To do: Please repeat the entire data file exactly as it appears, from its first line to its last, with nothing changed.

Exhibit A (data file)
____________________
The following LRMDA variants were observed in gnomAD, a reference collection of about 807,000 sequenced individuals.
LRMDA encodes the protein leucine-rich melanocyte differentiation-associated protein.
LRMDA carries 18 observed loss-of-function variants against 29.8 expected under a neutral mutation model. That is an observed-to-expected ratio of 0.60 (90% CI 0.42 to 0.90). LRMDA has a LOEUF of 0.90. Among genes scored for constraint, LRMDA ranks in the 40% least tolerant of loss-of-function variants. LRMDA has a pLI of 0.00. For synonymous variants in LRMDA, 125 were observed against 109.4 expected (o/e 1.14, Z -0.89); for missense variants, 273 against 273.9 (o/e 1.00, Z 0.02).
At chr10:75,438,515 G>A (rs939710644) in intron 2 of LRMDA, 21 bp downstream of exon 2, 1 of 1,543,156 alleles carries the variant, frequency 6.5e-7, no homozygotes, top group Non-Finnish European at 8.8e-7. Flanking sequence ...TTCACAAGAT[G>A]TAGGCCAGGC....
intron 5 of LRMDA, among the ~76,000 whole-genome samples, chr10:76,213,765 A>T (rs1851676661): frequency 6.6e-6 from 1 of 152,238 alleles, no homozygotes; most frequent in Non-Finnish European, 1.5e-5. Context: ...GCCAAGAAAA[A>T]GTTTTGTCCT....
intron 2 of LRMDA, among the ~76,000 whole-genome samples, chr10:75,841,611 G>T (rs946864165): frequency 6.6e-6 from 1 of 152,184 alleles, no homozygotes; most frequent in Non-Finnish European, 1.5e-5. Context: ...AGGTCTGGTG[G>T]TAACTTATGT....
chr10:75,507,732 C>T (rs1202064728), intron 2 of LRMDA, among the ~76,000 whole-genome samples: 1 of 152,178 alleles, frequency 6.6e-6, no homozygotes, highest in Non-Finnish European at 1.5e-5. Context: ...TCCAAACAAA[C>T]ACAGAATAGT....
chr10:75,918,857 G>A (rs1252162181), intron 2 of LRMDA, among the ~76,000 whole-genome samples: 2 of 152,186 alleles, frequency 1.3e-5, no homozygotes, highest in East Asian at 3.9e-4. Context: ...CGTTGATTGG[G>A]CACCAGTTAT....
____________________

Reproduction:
The following LRMDA variants were observed in gnomAD, a reference collection of about 807,000 sequenced individuals.
LRMDA encodes the protein leucine-rich melanocyte differentiation-associated protein.
LRMDA carries 18 observed loss-of-function variants against 29.8 expected under a neutral mutation model. That is an observed-to-expected ratio of 0.60 (90% CI 0.42 to 0.90). LRMDA has a LOEUF of 0.90. Among genes scored for constraint, LRMDA ranks in the 40% least tolerant of loss-of-function variants. LRMDA has a pLI of 0.00. For synonymous variants in LRMDA, 125 were observed against 109.4 expected (o/e 1.14, Z -0.89); for missense variants, 273 against 273.9 (o/e 1.00, Z 0.02).
At chr10:75,438,515 G>A (rs939710644) in intron 2 of LRMDA, 21 bp downstream of exon 2, 1 of 1,543,156 alleles carries the variant, frequency 6.5e-7, no homozygotes, top group Non-Finnish European at 8.8e-7. Flanking sequence ...TTCACAAGAT[G>A]TAGGCCAGGC....
intron 5 of LRMDA, among the ~76,000 whole-genome samples, chr10:76,213,765 A>T (rs1851676661): frequency 6.6e-6 from 1 of 152,238 alleles, no homozygotes; most frequent in Non-Finnish European, 1.5e-5. Context: ...GCCAAGAAAA[A>T]GTTTTGTCCT....
intron 2 of LRMDA, among the ~76,000 whole-genome samples, chr10:75,841,611 G>T (rs946864165): frequency 6.6e-6 from 1 of 152,184 alleles, no homozygotes; most frequent in Non-Finnish European, 1.5e-5. Context: ...AGGTCTGGTG[G>T]TAACTTATGT....
chr10:75,507,732 C>T (rs1202064728), intron 2 of LRMDA, among the ~76,000 whole-genome samples: 1 of 152,178 alleles, frequency 6.6e-6, no homozygotes, highest in Non-Finnish European at 1.5e-5. Context: ...TCCAAACAAA[C>T]ACAGAATAGT....
chr10:75,918,857 G>A (rs1252162181), intron 2 of LRMDA, among the ~76,000 whole-genome samples: 2 of 152,186 alleles, frequency 1.3e-5, no homozygotes, highest in East Asian at 3.9e-4. Context: ...CGTTGATTGG[G>A]CACCAGTTAT....